Bishop Carmon followed Christ’s truth

By Christine Bordelon & Peter  Finney Jr., Clarion Herald

Retired Auxiliary Bishop Dominic Carmon, S.V.D., was remembered Nov. 17 at his Funeral Mass at St. Louis Cathedral as a humble, dedicated priest and bishop who always put the needs of others before his own.

“Yes, he was a shepherd, but he was a servant leader,” said Archbishop Gregory Aymond, the principal celebrant of the Mass of Christian Burial. “He led by the words he preached, but he also led by his attitude, his actions and his example. He was an inspiration to me in his humility and his dedication to Christ.”

Bishop Carmon, 87, died Nov. 11 at Chateau de Notre Dame, where he had been living for several months as his health declined.

Auxiliary Bishop Fernand Cheri, who delivered the homily at the Funeral Mass, tied Bishop Carmon’s life to the words of Jesus in the 14th chapter of John: “I am the way, the truth and life.”

Missionary at heart

Citing Bishop Carmon’s seven years as a missionary priest for the Society of the Divine Word in Papua, New Guinea, in the 1960s – just after his priestly ordination   – Bishop Cheri said his predecessor knew the humble path to take and was able to spread God’s love through his own work, going from village to village in the jungle communities.

“He learned the way from those who guided him from village to village,” Bishop Cheri said. “He learned the way, picking up clues within the brush, so well that he became a guide himself.

“Dominic applied those skills to his faith in God, always trusting that God would show him the way and be the way in life. As a man of faith, Dominic knew how to be still. He followed Jesus, believing he would end up at the eternal city where Jesus has already prepared an abiding place just for him.”

Bishop Cheri said people spend their entire lives searching, mostly in vain, for the answer to the question: Why am I here? They will latch on to the words of celebrities or other gurus, when the truth is right in front of them in the life of Jesus, he said.

He said Bishop Carmon lived out the truth of Christ by ministering in Chicago to the Black Panther party, “calling them and those who misunderstood them to reconciliation.”

“He gave them a place, the Catholic church, as a sanctuary where justice and peace could kiss,” Bishop Cheri said. “As long as you hold to the truth, you don’t have to fear going the wrong way.”

A seminary service

Bishop Carmon’s body was received at Notre Dame Seminary on Nov. 16, and Archbishop Aymond presided at a prayer service for seminarians and the general public.

Archbishop Aymond said Bishop Carmon modeled for the world the Gospel reflection from Matthew when the disciples asked Jesus who was the greatest in the kingdom of heaven.

Jesus replied that unless his followers became innocent and humble like a child again, they would not be able to enter the kingdom.

Archbishop Aymond said that was how Bishop Carmon lived his life – as a humble servant.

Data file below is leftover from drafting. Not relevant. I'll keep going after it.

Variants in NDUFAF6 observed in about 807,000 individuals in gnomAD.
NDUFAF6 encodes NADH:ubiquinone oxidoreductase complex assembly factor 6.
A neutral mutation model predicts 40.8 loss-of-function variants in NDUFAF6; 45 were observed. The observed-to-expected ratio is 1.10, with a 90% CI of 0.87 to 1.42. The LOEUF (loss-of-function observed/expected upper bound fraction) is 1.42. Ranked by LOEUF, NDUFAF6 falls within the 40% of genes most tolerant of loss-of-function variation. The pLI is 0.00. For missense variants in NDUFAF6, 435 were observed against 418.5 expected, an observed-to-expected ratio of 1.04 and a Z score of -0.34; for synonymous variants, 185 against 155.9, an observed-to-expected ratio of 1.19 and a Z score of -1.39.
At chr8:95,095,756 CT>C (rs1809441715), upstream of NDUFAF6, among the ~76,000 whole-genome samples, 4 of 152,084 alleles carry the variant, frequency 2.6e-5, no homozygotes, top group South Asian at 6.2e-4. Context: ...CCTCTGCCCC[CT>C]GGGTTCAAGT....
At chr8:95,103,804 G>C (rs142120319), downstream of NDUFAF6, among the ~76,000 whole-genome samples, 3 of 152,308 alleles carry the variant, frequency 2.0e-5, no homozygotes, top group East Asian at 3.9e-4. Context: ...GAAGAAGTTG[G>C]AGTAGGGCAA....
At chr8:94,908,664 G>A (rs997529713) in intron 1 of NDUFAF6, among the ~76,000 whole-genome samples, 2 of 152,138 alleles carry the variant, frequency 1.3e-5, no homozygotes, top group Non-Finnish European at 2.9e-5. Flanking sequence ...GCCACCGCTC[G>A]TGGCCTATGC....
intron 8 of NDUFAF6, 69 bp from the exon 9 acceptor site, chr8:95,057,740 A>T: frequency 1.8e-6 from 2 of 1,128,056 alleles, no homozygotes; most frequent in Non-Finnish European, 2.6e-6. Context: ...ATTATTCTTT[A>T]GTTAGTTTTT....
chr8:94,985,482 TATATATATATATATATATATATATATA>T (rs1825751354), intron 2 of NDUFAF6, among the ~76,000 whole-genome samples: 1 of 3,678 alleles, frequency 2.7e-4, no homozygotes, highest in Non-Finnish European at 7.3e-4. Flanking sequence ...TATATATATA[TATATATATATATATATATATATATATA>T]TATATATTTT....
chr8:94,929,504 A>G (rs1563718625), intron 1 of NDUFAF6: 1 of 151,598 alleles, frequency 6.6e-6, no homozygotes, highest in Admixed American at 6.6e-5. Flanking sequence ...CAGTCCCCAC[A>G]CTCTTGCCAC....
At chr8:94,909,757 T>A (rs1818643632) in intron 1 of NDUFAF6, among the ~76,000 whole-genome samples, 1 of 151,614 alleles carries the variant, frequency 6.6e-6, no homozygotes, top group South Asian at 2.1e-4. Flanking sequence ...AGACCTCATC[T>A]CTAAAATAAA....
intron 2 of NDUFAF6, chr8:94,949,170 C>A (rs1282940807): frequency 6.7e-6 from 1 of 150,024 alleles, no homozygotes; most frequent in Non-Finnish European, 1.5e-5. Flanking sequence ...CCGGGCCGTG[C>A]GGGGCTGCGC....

He expressed his gratitude for Bishop Carmon and his truly being a servant of God’s people. He asked everyone present in the chapel to reflect for a few moments on Bishop Carmon’s life.

‘Buddy’ persuaded him

Bishop Carmon’s brother, Clifton Carmon, then gave a reflection of Bishop Carmon’s life, beginning with the story how in 1946 his “buddy” talked him into taking a train from his hometown just outside Opelousas, Louisiana, to Bay St. Louis, Mississippi, to enter the Divine Word seminary.

His “buddy” never showed up, however, having changed his mind about becoming a priest. 

“Seventy-two years ago, a boy left home to begin a journey he himself was not sure why he was undertaking,” Clifton Carmon said.

Then, on Feb. 7, 1960, the young man who had gone to the seminary simply because his buddy had asked him returned to the community to celebrate his first solemn Mass. What a day it was for that small community.”

The bishop’s brother recalled the day in February 1990 when Bishop Carmon was given a cancer diagnosis and was told he had only a few months to live. Clifton asked him how he felt about that.

“He was undaunted,” Clifton said. “In his usual calm and unruffled manner, he said, ‘I’m OK with that. In his priestly life, he never wanted for anything.”

That was true everywhere he went, including the New Guinea missions. Bishop Carmon had a great love of his family, celebrating with them on special occasions such as those being united in marriage, and “when needed, just being a good confidante.”

“We are sad today, but at the same time, we are happy as we reflect on a life well lived,” Clifton Carmon said, adding how Bishop Carmon was not only his brother but his pastor, godfather and true friend.

Clifton turned to Archbishop Aymond and said how grateful Bishop Carmon was to have his love and support over the years. Clifton thanked the archbishop on behalf of his sister Vercie Carmon Johnson and brother Aubrey Carmon.

“We say thank you for your concern and generosity toward our brother,” he said. “We are grateful to you.”

He also offered a public thank you to his cousin Barbara for all of her help during Bishop Carmon’s illness and to the many friends “who so generously and unconditionally took care of him as long as they did.”

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